With the finance ministry officials kicking-off their internal discussions regarding the fitment of goods and services in the multi-tier tax slabs under the proposed Goods and Services Tax (GST), the decision to assume a 14 per cent revenue growth for states during the transition period is turning out to be one of the sticky points. While the government aims to classify most items, especially mass consumption items such as consumer durables, under the modal 18 per cent tax slab, the emerging view is that assumption of 14 per cent revenue growth for states, instead of the earlier proposed fixed rate of 12 per cent, may create the need for most items being pushed into the higher tax slab of 28 per cent.
Officials aware of the discussions in the GST Council, which had fixed the revenue growth at 14 per cent in October last year, say that the demand for projected revenue growth for states higher than 12 per cent was conceded by the Centre on the insistence of the states.
“The 14 per cent revenue growth rate was not based on any formula per se, but was fixed as states insisted upon it. Since Centre will need to raise revenue for compensation to states, there is a higher risk of more number of items getting classified in higher tax rate slab,” one of the officials said.
As per the calculations presented in the GST Council meetings last year, the central revenue to be protected for 2015-16 was estimated to be Rs 4.42 lakh crore, while for states, it was estimated to be Rs 4.40 lakh crore. Among the 29 states and 2 Union territories of Delhi and Puducherry, the modal revenue growth rate was 9.3 per cent for 2015-16 and 12 states/UTs had indirect tax revenue growth of over 14 per cent. The state revenue numbers, however, may include taxes on petroleum and alcohol, which are exempt under GST as of now.
With about 17 states having revenue growth below 14 per cent in 2015-16, Centre is likely to feel the burden of a higher compensation payout post-GST rollout.
The GST (Compensation to the States for Loss of Revenue) Act has projected the revenue growth for states during the five-year transition period to be 14 per cent. The financial year of 2015-16 has been fixed as the base year for calculation of compensation amount, with the base year tax revenue including states’ tax revenues from state VAT, central sales tax, entry tax, octroi, local body tax, taxes on luxuries, taxes on advertisements. However, any revenue among these taxes related to supply of alcohol for human consumption and certain petroleum products will be excluded from the base year revenue.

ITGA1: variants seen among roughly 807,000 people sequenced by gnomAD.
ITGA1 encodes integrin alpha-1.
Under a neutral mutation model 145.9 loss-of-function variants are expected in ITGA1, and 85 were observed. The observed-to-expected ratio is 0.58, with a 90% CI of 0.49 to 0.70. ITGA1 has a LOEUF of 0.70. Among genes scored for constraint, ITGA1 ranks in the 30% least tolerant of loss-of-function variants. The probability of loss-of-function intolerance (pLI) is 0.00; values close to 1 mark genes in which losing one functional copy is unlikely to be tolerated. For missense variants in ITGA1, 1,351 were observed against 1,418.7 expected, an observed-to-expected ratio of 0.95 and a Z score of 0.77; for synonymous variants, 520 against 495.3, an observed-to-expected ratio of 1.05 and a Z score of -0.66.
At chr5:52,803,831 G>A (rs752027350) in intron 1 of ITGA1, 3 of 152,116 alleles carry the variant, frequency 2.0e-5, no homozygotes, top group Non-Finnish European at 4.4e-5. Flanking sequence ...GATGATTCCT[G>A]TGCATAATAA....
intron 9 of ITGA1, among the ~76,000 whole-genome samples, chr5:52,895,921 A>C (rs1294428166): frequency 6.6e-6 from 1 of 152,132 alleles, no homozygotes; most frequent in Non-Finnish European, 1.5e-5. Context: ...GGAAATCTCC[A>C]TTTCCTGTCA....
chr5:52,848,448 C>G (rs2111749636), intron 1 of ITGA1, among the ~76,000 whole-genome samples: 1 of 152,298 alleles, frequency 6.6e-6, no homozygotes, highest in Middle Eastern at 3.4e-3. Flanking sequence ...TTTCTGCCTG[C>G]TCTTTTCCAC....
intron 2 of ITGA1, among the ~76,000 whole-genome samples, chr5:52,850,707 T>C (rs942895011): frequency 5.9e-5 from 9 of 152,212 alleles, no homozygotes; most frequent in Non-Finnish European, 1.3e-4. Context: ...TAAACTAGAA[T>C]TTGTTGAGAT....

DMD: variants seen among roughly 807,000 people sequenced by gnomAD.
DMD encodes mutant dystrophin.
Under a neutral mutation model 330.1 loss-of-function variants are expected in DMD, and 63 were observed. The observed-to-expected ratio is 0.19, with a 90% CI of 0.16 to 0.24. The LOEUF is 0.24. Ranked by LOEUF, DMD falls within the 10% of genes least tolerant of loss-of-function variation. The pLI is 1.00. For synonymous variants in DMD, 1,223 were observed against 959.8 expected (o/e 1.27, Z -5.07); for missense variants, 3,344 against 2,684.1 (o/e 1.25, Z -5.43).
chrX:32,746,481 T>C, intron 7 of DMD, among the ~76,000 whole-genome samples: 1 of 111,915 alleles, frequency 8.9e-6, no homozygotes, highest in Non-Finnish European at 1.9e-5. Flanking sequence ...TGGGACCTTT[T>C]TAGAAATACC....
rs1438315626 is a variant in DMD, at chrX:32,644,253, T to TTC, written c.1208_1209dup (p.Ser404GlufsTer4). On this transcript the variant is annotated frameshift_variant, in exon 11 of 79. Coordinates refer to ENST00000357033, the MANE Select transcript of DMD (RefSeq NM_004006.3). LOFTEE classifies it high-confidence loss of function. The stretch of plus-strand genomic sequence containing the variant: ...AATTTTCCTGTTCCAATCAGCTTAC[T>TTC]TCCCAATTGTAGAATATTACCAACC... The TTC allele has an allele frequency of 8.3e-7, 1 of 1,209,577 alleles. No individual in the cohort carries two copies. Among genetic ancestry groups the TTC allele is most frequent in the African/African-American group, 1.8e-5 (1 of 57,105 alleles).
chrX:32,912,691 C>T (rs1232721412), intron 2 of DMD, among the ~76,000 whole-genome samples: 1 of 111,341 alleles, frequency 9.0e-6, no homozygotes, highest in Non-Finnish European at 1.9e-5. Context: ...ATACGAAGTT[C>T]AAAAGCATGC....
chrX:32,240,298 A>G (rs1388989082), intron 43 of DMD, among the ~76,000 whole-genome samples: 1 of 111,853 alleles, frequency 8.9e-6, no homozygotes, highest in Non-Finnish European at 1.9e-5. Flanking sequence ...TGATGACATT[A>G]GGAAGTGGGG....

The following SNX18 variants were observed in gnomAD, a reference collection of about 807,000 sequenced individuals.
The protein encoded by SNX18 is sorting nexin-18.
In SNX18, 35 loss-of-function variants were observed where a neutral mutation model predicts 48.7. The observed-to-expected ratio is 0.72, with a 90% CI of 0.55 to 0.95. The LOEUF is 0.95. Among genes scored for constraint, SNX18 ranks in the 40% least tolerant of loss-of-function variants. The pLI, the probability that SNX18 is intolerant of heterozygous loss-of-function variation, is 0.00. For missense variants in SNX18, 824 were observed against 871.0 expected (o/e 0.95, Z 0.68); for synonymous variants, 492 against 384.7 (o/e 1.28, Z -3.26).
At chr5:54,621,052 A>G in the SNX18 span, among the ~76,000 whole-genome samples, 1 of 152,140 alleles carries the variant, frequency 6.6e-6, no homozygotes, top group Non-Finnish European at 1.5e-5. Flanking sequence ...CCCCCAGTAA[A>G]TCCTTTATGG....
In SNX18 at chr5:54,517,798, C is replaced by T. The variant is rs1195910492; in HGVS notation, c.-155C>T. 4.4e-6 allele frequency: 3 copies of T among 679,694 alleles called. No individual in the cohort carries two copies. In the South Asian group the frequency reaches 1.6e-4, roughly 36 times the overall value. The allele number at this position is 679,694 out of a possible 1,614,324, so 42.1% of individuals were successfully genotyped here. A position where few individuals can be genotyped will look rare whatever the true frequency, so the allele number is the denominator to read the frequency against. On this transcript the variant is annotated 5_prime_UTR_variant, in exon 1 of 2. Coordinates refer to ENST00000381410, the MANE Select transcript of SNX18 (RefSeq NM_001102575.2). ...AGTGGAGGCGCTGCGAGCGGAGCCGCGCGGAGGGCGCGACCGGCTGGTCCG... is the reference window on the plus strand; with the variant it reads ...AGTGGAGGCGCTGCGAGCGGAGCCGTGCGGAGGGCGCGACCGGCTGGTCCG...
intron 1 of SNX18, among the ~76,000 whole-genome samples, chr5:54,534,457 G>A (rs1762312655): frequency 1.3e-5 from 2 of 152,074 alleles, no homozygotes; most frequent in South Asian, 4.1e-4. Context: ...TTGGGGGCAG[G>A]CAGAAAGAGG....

Last year, the GST Council had discussed several options for calculation of the projected growth rate of compensation, including considering average revenue growth achieved in three years preceding the 2015-16 financial year or of five years preceding the base year. Other options such as average revenue growth achieved in three of the five years preceding 2015-16 by excluding outliers or a rate equivalent to the nominal GDP growth rate of the country were also a part of the discussions between the states and the Centre in the meetings of the GST Council.
States such as Tamil Nadu had proposed a minimum growth rate of revenue of 12 per cent, while other states such as Odisha, Gujarat and Meghalaya had supported the option of taking the average growth rate of best three years of the five years preceding 2015-16. A growth rate equivalent to nominal GDP growth rate of the country had not found favour with the Centre as it was felt that since revenue earned depends on the growth of the economy, in case, sufficient revenues are not generated due to an economic slowdown, it would not be possible to pay compensation at higher growth rates.
In fact, in the third meeting of the GST Council in October last year, Finance Minister Arun Jaitley had proposed a revenue growth rate of 10.6 per cent as being closer to reality for that was the average all-India growth rate during the three years preceding 2015-16.
The Centre was of the view that since the average growth rate of the five years preceding the base year was 14.2 per cent, while the projected nominal GDP growth rate for next five years was 12-13 per cent, the projected revenue growth after removing two outliers would have worked out to be 13 per cent–a rate which would be burdensome for Centre, but would still be bearable. However, GST Council meeting’s records show that the suggestion of 14 per cent revenue growth was accepted “in the spirit of compromise” to reach a unanimous agreement on the proposal.
The issue of fitment of goods and services in the tax slabs of 5, 12, 18 and 28 per cent along with additional cess on sin and luxury goods will come up for discussion in the next meeting of the GST Council, which is scheduled to be held on May 18-19. The cess collections will flow into a compensation fund, which will be used for compensating states for revenue losses after the implementation of the indirect tax regime, which the government aims to roll out from July 1 this year.